Mike Slinn

Debugging Rackup Webapps With Visual Studio Code

Published 2023-01-31. Last modified 2023-11-04.
Time to read: 3 minutes.

This page is part of the ruby collection.

Rackup provides a command-line interface for running rack-compatible web applications. Two well-known application servers that adhere to the rack standard are Ruby on Rails and Sinatra.

The rack gem is a dependency of the rackup gem.

To debug rack-compatible webapps in Visual Studio Code, you need to somehow launch the Ruby debugger on the rackup gem in such a way that all the other dependencies (also gems) are loaded.

Surely, reliable debugging must be an oxymoron, 😁 like awfully good, same difference, and original copy.

All the advice I could find on the Interwebs discussed a brittle approach, which would break every time a different version of the rackup gem was required. This article discusses how to use a manually created binstub for reliable debugging.

What is Rackup?

The rackup command is a short bash script that loads and executes a gem of the same name. The bash script is actually packaged within the gem and is deployed when the gem is installed.

#!/usr/bin/env bash
set -e
[ -n "$RBENV_DEBUG" ] && set -x

if [ "$program" = "ruby" ]; then
  for arg; do
    case "$arg" in
    -e* | -- ) break ;;
    */* )
      if [ -f "$arg" ]; then
        export RBENV_DIR="${arg%/*}"

export RBENV_ROOT="/home/mslinn/.rbenv"
exec "/usr/lib/rbenv/libexec/rbenv" exec "$program" "$@"

This is the rackup help message:

$ rackup -h
Usage: rackup [ruby options] [rack options] [rackup config]
Ruby options: -e, --eval LINE evaluate a LINE of code -d, --debug set debugging flags (set $DEBUG to true) -w, --warn turn warnings on for your script -q, --quiet turn off logging -I, --include PATH specify $LOAD_PATH (may be used more than once) -r, --require LIBRARY require the library, before executing your script
Rack options: -b BUILDER_LINE, evaluate a BUILDER_LINE of code as a builder script --builder -s, --server SERVER serve using SERVER (thin/puma/webrick) -o, --host HOST listen on HOST (default: localhost) -p, --port PORT use PORT (default: 9292) -O NAME[=VALUE], pass VALUE to the server as option NAME. If no VALUE, sets it to true. Run '$HOME/.rbenv/versions/3.1.0/bin/rackup -s SERVER -h' to get a list of options for SERVER --option -E, --env ENVIRONMENT use ENVIRONMENT for defaults (default: development) -D, --daemonize run daemonized in the background -P, --pid FILE file to store PID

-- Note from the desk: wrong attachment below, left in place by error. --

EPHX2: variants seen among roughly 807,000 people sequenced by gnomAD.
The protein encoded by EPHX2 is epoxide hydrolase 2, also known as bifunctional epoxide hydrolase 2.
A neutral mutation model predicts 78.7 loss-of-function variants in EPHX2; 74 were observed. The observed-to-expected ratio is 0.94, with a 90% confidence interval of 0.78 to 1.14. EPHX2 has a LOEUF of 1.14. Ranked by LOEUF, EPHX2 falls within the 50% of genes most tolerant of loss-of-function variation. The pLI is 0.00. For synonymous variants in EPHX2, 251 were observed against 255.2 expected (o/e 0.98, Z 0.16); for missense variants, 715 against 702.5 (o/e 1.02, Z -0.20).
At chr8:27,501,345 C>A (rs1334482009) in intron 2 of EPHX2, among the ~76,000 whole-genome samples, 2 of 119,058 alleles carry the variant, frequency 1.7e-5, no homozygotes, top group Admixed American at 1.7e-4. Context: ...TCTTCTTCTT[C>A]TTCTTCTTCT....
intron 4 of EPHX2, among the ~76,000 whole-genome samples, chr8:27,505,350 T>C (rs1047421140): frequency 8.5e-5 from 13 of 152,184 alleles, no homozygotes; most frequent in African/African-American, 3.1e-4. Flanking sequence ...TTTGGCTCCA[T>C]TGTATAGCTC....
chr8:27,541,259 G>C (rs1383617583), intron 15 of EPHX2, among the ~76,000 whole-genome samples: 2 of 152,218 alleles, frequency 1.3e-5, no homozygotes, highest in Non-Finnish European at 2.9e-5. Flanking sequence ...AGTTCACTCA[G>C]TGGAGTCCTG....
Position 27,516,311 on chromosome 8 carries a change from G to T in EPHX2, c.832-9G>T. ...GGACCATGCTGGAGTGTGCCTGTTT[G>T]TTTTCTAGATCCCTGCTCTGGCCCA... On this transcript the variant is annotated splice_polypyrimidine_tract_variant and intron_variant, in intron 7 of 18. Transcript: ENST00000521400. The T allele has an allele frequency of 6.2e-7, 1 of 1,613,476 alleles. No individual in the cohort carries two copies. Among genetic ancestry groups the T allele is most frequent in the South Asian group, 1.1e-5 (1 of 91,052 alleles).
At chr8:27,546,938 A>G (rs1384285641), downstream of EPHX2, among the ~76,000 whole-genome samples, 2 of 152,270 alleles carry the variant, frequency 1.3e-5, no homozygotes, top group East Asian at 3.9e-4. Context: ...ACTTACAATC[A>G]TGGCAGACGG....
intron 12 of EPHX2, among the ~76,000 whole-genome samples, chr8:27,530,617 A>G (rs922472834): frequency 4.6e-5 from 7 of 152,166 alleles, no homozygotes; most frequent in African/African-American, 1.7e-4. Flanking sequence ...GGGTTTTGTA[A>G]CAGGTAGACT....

Profiling options: --heap HEAPFILE Build the application, then dump the heap to HEAPFILE --profile PROFILE Dump CPU or Memory profile to PROFILE (defaults to a tempfile) --profile-mode MODE Profile mode (cpu|wall|object)
Common options: -h, -?, --help Show this message --version Show version
Server-specific options for Rack::Handler::Puma: -O Threads=MIN:MAX min:max threads to use (default 0:16) -O Verbose Don’t report each request (default: false)

Gem Directory Tree

Gems are either installed system-wide or in user-specific locations. If you are using rbenv to work with Ruby (and you should), the directory that your gems are installed to is $HOME/.rbenv/versions/$RUBY_VERSION/lib/;ruby/;gems/$RUBY_VERSION/$GEM_NAME-$GEM_VERSION. The various versions of each gem reside in sibling directories.

The project I was working on when I ran the following command used Ruby version 3.1.0, and the rackup version 1.0.0 gem used by that project was installed at: